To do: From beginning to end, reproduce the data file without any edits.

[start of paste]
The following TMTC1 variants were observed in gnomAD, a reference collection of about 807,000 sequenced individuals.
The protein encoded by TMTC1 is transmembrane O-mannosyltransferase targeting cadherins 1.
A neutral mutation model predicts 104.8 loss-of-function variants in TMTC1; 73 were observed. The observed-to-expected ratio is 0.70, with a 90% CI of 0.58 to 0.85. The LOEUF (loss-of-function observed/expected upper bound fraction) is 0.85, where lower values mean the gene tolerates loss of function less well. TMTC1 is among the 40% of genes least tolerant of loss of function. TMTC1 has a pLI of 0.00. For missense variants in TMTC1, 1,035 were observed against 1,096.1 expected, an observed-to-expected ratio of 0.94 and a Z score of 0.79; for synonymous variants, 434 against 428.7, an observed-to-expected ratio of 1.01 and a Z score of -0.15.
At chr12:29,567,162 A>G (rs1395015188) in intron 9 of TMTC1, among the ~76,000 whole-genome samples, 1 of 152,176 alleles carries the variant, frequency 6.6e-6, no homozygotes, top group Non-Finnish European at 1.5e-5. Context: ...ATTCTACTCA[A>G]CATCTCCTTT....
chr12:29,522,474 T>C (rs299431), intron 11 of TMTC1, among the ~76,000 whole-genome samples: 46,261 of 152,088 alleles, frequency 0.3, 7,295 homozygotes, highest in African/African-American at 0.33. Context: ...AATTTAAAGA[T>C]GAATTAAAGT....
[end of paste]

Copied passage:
The following TMTC1 variants were observed in gnomAD, a reference collection of about 807,000 sequenced individuals.
The protein encoded by TMTC1 is transmembrane O-mannosyltransferase targeting cadherins 1.
A neutral mutation model predicts 104.8 loss-of-function variants in TMTC1; 73 were observed. The observed-to-expected ratio is 0.70, with a 90% CI of 0.58 to 0.85. The LOEUF (loss-of-function observed/expected upper bound fraction) is 0.85, where lower values mean the gene tolerates loss of function less well. TMTC1 is among the 40% of genes least tolerant of loss of function. TMTC1 has a pLI of 0.00. For missense variants in TMTC1, 1,035 were observed against 1,096.1 expected, an observed-to-expected ratio of 0.94 and a Z score of 0.79; for synonymous variants, 434 against 428.7, an observed-to-expected ratio of 1.01 and a Z score of -0.15.
At chr12:29,567,162 A>G (rs1395015188) in intron 9 of TMTC1, among the ~76,000 whole-genome samples, 1 of 152,176 alleles carries the variant, frequency 6.6e-6, no homozygotes, top group Non-Finnish European at 1.5e-5. Context: ...ATTCTACTCA[A>G]CATCTCCTTT....
chr12:29,522,474 T>C (rs299431), intron 11 of TMTC1, among the ~76,000 whole-genome samples: 46,261 of 152,088 alleles, frequency 0.3, 7,295 homozygotes, highest in African/African-American at 0.33. Context: ...AATTTAAAGA[T>C]GAATTAAAGT....